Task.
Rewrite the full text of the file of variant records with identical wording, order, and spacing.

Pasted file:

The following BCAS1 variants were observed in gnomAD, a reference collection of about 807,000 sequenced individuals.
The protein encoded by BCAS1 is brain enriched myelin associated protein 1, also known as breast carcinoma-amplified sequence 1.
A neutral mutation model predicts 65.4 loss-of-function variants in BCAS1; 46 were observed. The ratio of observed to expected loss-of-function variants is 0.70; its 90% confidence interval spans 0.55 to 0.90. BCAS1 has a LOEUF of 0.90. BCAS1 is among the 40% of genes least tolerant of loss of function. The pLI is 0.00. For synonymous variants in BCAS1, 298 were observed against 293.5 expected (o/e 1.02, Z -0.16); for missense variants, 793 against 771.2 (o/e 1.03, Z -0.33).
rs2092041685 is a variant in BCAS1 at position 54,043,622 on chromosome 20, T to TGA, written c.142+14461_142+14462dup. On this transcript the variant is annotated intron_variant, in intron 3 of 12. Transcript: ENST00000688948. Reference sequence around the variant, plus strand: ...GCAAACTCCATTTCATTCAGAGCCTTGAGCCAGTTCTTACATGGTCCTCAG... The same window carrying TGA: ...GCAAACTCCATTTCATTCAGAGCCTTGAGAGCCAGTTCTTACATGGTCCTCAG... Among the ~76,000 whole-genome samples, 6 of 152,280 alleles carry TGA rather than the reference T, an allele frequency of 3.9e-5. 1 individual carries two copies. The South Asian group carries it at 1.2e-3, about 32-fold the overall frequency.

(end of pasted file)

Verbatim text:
The following BCAS1 variants were observed in gnomAD, a reference collection of about 807,000 sequenced individuals.
The protein encoded by BCAS1 is brain enriched myelin associated protein 1, also known as breast carcinoma-amplified sequence 1.
A neutral mutation model predicts 65.4 loss-of-function variants in BCAS1; 46 were observed. The ratio of observed to expected loss-of-function variants is 0.70; its 90% confidence interval spans 0.55 to 0.90. BCAS1 has a LOEUF of 0.90. BCAS1 is among the 40% of genes least tolerant of loss of function. The pLI is 0.00. For synonymous variants in BCAS1, 298 were observed against 293.5 expected (o/e 1.02, Z -0.16); for missense variants, 793 against 771.2 (o/e 1.03, Z -0.33).
rs2092041685 is a variant in BCAS1 at position 54,043,622 on chromosome 20, T to TGA, written c.142+14461_142+14462dup. On this transcript the variant is annotated intron_variant, in intron 3 of 12. Transcript: ENST00000688948. Reference sequence around the variant, plus strand: ...GCAAACTCCATTTCATTCAGAGCCTTGAGCCAGTTCTTACATGGTCCTCAG... The same window carrying TGA: ...GCAAACTCCATTTCATTCAGAGCCTTGAGAGCCAGTTCTTACATGGTCCTCAG... Among the ~76,000 whole-genome samples, 6 of 152,280 alleles carry TGA rather than the reference T, an allele frequency of 3.9e-5. 1 individual carries two copies. The South Asian group carries it at 1.2e-3, about 32-fold the overall frequency.